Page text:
Work is underway to take forward the actions recommended in Social Services in Scotland:A Shared Vision and Strategy. Over the next few weeks we will use Alan’s Blog to invite the members of the Social Services Strategic Forum who are leading one of the four workstrands to say more about the work they are taking forward with others on the Forum. This week Jane Devine, Business Manager at Social Work Scotland writes about Promoting Public Understanding.
“Last year I was asked to chair a work stream on promoting public understanding as part of the work that led to the publication of ‘Social Services in Scotland: A Shared Vision and Strategy 2015-2020’.
As I started this work I was minded of a conversation I had with a BBC journalist a number of years ago. She had called me about a horrific case where a mother, terrified that the court would award residence of her children to their father, killed her 3 children and then attempted to take her own life. The journalist called me for a reaction and when I asked why she had called me, she said ‘well, where were social work in all this’?
Over the years, in dealing with the media, I have found this to be a fairly typical of many journalists when it comes to social work: jumping to the wrong conclusions, making the wrong assumptions. And it is not exclusive to social work, all parts of the social services sector are affected: care workers can be portrayed as uncaring during short visits; and fly on the wall documentaries about care homes for older people or adults with learning disabilities have given residential workers a bad name.
When such things happen, reacting to them by pointing out that social work might not be involved, or that there are people who do bad things in all walks of life, is something we should always do. We have to actively challenge the wholescale denigration of our workforce by the media because of the actions of a few. What we should never do though is to give into a sense that this is somehow inevitable and something we must accept and endure.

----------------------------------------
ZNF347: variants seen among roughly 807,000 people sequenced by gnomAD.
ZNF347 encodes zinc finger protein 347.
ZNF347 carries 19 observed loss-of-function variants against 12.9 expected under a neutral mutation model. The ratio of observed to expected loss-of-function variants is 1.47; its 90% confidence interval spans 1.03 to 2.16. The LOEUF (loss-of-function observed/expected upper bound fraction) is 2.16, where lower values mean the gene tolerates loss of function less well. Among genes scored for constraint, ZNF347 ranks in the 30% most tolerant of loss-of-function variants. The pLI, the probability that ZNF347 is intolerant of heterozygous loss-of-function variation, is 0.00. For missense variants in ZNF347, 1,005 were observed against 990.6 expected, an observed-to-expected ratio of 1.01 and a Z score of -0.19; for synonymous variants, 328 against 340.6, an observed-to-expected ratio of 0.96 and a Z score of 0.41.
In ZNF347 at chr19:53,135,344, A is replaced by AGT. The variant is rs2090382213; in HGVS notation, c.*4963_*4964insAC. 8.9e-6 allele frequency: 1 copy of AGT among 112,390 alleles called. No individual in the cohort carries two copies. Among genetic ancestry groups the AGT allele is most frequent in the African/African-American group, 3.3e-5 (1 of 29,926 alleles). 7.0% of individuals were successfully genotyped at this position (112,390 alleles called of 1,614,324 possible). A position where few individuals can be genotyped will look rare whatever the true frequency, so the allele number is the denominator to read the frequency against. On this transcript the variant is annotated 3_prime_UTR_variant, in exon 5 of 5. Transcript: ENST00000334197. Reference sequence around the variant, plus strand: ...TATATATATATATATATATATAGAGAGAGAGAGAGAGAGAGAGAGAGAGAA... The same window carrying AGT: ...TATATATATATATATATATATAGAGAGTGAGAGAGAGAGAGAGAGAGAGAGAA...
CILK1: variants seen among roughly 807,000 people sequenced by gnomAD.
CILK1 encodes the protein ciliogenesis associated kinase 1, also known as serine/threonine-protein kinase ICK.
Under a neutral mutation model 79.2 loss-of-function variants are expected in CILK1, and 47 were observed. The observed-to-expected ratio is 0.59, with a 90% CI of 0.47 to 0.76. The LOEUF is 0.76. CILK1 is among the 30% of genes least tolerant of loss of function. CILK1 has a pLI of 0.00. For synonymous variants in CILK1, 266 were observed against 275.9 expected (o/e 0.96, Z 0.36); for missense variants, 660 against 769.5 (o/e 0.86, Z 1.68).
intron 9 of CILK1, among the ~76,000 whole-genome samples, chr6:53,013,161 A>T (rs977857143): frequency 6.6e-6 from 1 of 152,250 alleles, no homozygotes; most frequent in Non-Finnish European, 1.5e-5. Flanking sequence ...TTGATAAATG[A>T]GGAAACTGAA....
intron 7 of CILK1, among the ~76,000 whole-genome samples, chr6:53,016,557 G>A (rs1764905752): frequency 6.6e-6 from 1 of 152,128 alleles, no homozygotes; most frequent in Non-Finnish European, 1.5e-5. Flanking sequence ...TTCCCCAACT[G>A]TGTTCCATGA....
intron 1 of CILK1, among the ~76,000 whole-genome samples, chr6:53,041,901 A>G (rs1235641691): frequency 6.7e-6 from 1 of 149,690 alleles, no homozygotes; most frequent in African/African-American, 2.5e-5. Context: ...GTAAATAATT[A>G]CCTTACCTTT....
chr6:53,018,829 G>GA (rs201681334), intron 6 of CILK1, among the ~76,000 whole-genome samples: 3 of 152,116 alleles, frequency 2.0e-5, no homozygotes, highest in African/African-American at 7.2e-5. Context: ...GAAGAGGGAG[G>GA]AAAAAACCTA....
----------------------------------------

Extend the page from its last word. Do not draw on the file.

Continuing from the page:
We need to take exception to negative assumptions that can surround our sector. We do a great job, every day. We need to stand up for that. And we need to be smart about how we do it. Those in the sector can feel vilified, their moral can be low, they can feel ‘damned if they do and damned if they don’t’. That’s not good for them, it’s not good for the people they support and it is not going to encourage people into the sector.
Promoting the public’s understanding and working to get a public appreciation of the sector will take commitment from lots of different people including those who work in social services. We’re going to firstly assess what people’s view are of social services and if there are negative views we will find out who holds these views, why people hold have them and which part of the workforce they are focused on. Once we have a clear understanding of the issues we will work across the sector, the media and with the pubic to try to turn these views around and build support for the sector.
It’s an exciting project and there is lots to be positive about. The huge array of people employed in social work services do a fantastic job for the thousands of people who rely on them every day. We’re starting from a good place.”
Jane Devine, Social Work Scotland